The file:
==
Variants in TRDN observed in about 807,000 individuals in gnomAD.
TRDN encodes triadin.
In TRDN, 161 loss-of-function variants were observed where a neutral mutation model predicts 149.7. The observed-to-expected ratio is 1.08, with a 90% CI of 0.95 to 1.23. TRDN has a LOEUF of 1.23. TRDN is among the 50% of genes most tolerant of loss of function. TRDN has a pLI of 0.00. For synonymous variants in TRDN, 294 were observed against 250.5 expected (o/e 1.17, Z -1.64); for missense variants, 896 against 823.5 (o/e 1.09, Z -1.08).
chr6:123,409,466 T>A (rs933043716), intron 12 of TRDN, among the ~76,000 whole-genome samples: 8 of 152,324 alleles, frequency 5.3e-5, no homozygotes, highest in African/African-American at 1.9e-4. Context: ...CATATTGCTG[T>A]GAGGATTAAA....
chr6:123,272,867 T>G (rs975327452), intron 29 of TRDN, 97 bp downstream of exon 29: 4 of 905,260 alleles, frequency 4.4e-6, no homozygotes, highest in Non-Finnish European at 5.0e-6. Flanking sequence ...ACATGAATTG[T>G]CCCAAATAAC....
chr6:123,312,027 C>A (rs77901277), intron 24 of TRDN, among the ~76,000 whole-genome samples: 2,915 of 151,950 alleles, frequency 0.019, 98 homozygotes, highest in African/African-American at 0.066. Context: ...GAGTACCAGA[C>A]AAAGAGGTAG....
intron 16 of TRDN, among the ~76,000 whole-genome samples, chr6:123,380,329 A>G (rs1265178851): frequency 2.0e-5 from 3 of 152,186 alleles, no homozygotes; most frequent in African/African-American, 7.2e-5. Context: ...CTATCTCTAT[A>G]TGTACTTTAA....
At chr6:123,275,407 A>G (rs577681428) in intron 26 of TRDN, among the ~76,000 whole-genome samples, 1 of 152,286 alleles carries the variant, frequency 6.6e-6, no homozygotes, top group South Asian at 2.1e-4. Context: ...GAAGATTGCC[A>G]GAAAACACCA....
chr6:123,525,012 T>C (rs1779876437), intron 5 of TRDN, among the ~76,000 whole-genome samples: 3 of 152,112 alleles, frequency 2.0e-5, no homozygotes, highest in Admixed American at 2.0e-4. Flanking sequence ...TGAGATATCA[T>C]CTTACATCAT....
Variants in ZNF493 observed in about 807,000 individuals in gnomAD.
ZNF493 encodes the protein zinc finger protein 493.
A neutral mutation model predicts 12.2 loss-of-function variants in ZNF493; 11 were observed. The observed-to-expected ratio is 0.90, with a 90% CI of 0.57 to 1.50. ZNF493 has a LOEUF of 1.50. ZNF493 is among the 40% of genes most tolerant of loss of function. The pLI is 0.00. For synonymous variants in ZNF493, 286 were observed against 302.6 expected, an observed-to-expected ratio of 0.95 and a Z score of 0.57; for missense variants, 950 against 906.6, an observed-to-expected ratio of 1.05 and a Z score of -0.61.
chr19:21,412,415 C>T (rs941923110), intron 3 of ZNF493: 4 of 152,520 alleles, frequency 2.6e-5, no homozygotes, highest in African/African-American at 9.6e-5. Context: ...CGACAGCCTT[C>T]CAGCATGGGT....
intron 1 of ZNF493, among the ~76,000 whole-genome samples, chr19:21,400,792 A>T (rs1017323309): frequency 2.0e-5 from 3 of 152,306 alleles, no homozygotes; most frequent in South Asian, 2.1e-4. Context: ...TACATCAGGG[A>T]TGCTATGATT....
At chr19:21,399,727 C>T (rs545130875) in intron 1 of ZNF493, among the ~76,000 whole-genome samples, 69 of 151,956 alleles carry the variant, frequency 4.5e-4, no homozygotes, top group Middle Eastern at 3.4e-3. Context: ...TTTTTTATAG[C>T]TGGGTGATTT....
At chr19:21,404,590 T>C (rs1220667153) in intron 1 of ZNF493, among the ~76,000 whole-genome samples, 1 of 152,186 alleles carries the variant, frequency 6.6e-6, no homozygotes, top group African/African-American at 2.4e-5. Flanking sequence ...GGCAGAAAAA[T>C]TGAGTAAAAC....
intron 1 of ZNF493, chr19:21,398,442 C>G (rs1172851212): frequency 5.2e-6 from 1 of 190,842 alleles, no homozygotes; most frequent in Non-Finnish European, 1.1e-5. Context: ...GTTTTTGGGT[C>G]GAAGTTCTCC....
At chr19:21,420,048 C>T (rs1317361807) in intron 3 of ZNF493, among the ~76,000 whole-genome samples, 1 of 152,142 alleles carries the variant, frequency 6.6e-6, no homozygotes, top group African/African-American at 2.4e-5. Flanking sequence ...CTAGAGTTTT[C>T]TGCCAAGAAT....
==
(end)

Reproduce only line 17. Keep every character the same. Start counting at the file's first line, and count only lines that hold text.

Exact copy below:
intron 1 of ZNF493, chr19:21,398,442 C>G (rs1172851212): frequency 5.2e-6 from 1 of 190,842 alleles, no homozygotes; most frequent in Non-Finnish European, 1.1e-5. Context: ...GTTTTTGGGT[C>G]GAAGTTCTCC....